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I have noticed the following:

$$\left( (-1)^{1/2} \right)^2 = i^2= -1$$ But $$\left( (-1)^{2} \right)^{1/2} = \sqrt{1} = 1$$ I understand with complex numbers there is an issue of taking the principal root, yet this problem is still present. Under what circumstances will exponents commute?

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    $\begingroup$ If the base is negative, then commutation will not consistently be accurate. $\endgroup$
    – John Lou
    Nov 19, 2017 at 19:20
  • $\begingroup$ What about more general complex numbers? In what general circumstance will things commute? $\endgroup$ Nov 19, 2017 at 19:25
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    $\begingroup$ People on stack exchange are so rude and obnoxious, I don't know why I ever come here. $\endgroup$ Nov 20, 2017 at 14:43
  • $\begingroup$ I looked for a previous version of this specific question - under what circumstances does order not matter with exponents? - to mark it as a duplicate. Unable to find one, I just answered the question. Some people prefer being snarky; not sure why... $\endgroup$ Nov 20, 2017 at 15:09

3 Answers 3

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Complex exponentiation is defined as $a^b=e^{b\log a}.$ To analyze the commutativity in this case, $i^2=e^{2\log i}$ and $\log i =\ln(1)+i(2\pi m+\pi/2)$ and $m\in\Bbb{Z}$ depends on the branch of logarithm that we choose. Therefore $$i^2=e^{2i(2\pi m+\pi/2)}=e^{i\pi}=-1$$ regard less of the branch. On the other hand, $\sqrt{1}=e^{1/2\log 1},$ where $\log 1=\ln(1)+2\pi n i$ for some $n\in\Bbb{Z}.$ Thus $$\sqrt{1}=e^{n\pi i}$$ and this depends on the branch that we choose. According to the parity of $n,$ here we have $$\sqrt{1}=\pm1.$$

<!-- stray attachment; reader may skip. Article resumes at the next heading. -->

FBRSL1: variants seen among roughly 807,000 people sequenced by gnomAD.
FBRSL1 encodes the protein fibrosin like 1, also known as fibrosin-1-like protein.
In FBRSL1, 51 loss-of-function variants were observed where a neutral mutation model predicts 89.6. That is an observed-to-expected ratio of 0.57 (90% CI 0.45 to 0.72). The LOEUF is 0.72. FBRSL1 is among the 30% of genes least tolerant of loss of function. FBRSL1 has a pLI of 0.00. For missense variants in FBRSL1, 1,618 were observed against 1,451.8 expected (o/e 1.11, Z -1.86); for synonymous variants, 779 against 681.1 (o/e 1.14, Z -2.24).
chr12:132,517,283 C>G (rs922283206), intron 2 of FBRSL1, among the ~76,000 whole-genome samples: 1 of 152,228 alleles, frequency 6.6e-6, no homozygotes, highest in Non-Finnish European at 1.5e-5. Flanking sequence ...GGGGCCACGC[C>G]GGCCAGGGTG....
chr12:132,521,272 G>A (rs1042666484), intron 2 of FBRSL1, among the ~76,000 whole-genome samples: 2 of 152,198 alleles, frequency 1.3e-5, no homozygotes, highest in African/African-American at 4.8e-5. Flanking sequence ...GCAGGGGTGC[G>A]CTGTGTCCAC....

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Integer powers commute. If $a,b\in \Bbb Z$, then $(z^a)^b=z^{ab}=(z^b)^a$, for any complex $z$. Further, if $x$ is a positive real number, any real powers commute, so $(x^a)^b=x^{ab}=(x^b)^a$ for $a,b\in\Bbb R$.

Outside of those special cases, it’s best to be careful.

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You don't really need to think about complex numbers here. Just look at $$ \left((-1)^2\right)^{1/2} = 1 $$ and $$ (-1)^1 = -1. $$ The issue here is the fact that the equation $x^2=1$ has two solutions, $x=+1$ and $x=-1$. When you write $1^{1/2}$, you're taking the positive square root of $1$, which is $1$.

To elaborate

Let's rewrite your problem as follows: $$ \textbf{Problem 1: }\text{Find $x$ such that } x = \left((-1)^2\right)^{1/2}. $$ Look at the related problem: $$ \textbf{Problem 2: }\text{Find $x$ such that } x^2 = (-1)^2. $$ Clearly, Problem 2 has two solutions, $+1$ and $-1$. Problem 1 is essentially asking for the positive solution to Problem 2, hence the inconsistency.

In short: As John Lou said in his comment, if the base is negative, you can't necessarily commute exponentiation.

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